BIG ISLAND VOLCANOES - Volcanoes National Park

By Jeanette Foster


 

Don’t leave the Big Island without seeing the “Greatest Show on Earth” - the erupting Kilauea volcano in Hawaii Volcanoes National Park - which has been putting on a spectacular live show of fiery molten lava red rivers since January 3, 1983.


Don’t
leave the Big Island without seeing the “Greatest Show on Earth” - the erupting Kilauea volcano, in the Hawaii Volcanoes National Park, which has been putting on a spectacular live show of fiery red rivers of molten lava since January 3, 1983
.
The Hawaii Volcanoes National Park, the most visited natural site in the state, is an enchanted wonderland. Visitors are treated to a once-in-a-lifetime opportunity to see the results of 70 million years of fiery volcanoes, thousands of miles of ocean migration and ever-changing evolution on its 333,000 acres.

The “star” of Hawaii Volcanoes National Park is Kilauea, the world’s most active volcano. Lava from the 23-year eruption has covered 16,000 acres of lowland and rain forest. At last count, the hissing, spitting lava flow had destroyed 200-plus homes and businesses, wiped out Kaimu Black Sand Beach (once one of Hawaii’s most photographed beaches) and Queen’s Bath. That’s not all: entire towns and subdivisions have been obliterated.

According the early Hawaiian legends, there once was a time when spiritual beings walked the earth. During that time Pele, the volcano goddess, traveled across the Pacific looking for a home for her fire and her family. She settled in the still-fuming crater of Halemaumau at the summit of Kilauea. So far Pele’s continuous eruption of more than 20 years has added more than 560 acres of new land to this already big island.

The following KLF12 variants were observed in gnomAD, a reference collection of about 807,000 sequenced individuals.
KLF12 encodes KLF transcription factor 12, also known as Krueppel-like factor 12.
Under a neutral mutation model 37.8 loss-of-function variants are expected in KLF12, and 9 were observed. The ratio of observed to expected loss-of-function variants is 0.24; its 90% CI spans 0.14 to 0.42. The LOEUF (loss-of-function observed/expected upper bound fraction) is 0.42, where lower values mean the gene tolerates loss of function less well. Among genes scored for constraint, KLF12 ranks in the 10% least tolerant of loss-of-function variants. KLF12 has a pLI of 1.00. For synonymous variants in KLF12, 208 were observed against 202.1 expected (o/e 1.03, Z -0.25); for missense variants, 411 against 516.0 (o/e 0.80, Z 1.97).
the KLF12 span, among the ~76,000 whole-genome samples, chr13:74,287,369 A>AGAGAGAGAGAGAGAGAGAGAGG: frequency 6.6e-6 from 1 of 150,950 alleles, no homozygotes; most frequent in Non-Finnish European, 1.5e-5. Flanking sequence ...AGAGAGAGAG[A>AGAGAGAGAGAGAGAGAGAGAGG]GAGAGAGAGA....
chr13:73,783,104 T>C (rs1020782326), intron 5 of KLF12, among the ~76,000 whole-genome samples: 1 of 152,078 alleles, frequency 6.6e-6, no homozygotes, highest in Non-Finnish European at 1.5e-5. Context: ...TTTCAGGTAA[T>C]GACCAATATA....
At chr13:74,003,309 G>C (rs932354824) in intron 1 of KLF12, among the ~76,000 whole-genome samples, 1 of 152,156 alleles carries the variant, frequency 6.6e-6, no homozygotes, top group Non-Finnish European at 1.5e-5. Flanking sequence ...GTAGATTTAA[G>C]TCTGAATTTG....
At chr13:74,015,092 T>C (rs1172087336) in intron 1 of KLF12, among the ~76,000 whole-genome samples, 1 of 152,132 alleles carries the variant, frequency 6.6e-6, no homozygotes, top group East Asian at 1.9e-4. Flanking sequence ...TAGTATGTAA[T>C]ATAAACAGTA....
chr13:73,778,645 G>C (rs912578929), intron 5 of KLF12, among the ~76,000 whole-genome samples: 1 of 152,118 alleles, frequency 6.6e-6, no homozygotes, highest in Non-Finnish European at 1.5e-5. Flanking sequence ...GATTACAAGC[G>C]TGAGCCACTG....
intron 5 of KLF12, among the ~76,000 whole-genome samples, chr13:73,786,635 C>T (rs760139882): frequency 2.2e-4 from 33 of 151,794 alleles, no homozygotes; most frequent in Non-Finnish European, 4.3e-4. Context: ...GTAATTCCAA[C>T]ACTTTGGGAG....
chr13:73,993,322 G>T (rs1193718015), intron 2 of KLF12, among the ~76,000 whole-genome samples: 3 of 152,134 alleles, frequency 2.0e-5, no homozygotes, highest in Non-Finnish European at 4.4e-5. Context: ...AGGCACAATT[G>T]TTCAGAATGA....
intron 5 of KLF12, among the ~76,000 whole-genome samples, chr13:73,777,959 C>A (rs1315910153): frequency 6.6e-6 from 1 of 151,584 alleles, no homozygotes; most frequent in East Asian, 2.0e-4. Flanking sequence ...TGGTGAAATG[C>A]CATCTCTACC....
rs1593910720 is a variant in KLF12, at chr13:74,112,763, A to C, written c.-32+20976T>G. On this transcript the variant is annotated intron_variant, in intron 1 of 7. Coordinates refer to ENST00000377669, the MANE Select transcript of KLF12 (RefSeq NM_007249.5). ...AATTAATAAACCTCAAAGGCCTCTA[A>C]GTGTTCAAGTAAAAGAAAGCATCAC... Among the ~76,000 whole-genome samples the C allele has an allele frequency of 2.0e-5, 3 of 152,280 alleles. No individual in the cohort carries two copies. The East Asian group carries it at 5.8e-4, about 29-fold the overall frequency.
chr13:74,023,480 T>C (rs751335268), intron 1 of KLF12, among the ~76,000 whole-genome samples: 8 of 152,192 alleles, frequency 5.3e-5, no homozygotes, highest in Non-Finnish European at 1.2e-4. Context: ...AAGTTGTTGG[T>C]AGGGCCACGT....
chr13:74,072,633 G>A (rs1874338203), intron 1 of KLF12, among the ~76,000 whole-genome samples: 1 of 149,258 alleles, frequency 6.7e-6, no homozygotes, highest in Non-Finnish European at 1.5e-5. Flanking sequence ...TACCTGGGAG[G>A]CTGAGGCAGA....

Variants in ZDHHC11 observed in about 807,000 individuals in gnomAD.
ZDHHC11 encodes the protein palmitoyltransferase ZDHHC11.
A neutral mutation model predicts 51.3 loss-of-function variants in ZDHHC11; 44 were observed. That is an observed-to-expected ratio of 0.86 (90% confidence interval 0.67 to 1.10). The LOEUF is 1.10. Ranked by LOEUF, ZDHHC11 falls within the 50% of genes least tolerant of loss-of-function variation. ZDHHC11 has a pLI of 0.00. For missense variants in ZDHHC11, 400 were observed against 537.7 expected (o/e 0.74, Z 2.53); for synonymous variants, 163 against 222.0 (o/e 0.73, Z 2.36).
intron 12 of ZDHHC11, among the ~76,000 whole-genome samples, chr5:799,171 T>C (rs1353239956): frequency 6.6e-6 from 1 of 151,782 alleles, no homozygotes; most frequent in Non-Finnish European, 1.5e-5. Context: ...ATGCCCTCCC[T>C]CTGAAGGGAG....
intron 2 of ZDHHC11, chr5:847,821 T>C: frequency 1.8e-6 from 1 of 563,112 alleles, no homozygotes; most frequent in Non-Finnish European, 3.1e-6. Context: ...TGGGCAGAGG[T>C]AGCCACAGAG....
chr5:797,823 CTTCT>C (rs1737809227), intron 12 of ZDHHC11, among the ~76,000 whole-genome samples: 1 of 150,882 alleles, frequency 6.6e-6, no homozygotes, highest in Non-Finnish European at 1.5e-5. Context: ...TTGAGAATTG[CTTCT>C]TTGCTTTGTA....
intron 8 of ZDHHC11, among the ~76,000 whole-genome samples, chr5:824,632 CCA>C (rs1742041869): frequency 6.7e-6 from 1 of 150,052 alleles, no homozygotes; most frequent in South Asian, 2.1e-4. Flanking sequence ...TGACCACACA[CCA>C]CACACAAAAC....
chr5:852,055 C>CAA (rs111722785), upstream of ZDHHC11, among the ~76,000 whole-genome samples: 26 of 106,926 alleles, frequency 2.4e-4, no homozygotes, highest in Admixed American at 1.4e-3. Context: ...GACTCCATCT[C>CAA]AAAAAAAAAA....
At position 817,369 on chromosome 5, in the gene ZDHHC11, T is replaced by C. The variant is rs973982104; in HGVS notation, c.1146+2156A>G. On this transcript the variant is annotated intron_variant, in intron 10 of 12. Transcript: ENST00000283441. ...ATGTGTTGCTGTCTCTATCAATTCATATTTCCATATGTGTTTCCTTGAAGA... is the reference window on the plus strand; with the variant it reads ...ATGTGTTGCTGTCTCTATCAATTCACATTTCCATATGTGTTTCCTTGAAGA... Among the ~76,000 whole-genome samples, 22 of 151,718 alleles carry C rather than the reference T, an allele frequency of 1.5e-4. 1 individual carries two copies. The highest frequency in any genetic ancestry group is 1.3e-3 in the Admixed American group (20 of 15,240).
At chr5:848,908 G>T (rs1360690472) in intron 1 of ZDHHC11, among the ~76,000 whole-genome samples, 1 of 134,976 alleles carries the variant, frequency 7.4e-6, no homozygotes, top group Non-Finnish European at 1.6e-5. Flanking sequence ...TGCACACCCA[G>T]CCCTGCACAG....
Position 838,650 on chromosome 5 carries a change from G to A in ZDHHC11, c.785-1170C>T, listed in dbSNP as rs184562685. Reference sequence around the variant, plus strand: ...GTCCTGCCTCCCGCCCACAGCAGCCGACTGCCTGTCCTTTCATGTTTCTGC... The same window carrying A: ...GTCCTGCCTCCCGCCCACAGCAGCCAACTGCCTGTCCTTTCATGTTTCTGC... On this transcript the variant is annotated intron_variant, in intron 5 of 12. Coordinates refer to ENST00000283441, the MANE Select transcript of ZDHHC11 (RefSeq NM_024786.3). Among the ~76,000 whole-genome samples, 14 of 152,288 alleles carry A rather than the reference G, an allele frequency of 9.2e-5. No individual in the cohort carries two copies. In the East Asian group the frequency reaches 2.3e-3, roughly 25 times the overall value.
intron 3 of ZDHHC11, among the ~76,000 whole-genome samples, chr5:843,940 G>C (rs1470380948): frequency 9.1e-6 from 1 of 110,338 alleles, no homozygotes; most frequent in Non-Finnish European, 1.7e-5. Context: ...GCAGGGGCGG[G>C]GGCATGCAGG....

he volume of erupted lava over the nearly two decades measures nearly two billion cubic yards, enough new rock to pave a two-lane highway 1.2 million miles long, circling the earth some 50 times.

The most recent eruption has come from Puu Oo, a 760-foot-high cinder-and-spatter cone. The lava flow has extended the Big Island’s shoreline seaward and added hundreds of acres of new land along the steep southern slopes (the so called “lava coastline”). Every once and awhile, the new land proves unstable, falls under its own weight and slides into the ocean.



 



If the lava is visible, don’t just see this spectacular event during the day, but return at night, about an hour before the sunset. At night you can see red rivers run down the side of the volcano, like roads mapping out the path of creation, before they ultimately disappear into the waiting waves of the Pacific.

Plumes of smoke and crackling sounds emerge as Pele’s 2,500 degree fiery rivulets pour into the 78 degree waters of the ocean. You can see the lava still burning in the water, until finally the vast Pacific douses the fire only to return Pele’s creation back to the land in the form of a new black sand beach

Facts About Hawaii Volcanoes National Park

Open: Hawaii Volcanoes National Park is open 24-hours a day, all year. The Kilauea Visitor Center is open daily 7:45am-5pm and the Jaggar Museum is open daily 8:30am-5pm.

Weather: The park is located at 4,000 feet, so be prepared for rain and temperatures ranging from 30 degrees to 75 degrees. The weather down at the ocean can be hot, dry and windy. The Park Rangers recommend you bring: rain gear, light sweater or jacket, sturdy shoes, hats, water bottles, sun glasses, and high UV factor sunscreen. For island weather, call 961-5582.

Entry Fee:
Cars are $10 for seven days; pedestrian $5 for seven days. Annual Tripark pass is $25 for the year.

Camping and Lodging: Two campgrounds are available year round, call 985-6011 for information. The Volcano House, located in the park, is open all year, call 967-7321 for information. Additional lodging, inns and bed and breakfast accommodations are available in Volano Village.

Contact: For the latest information on the volcano flow, access to the flow and general
park information, call 985-6000 or www.nps.gov/havo.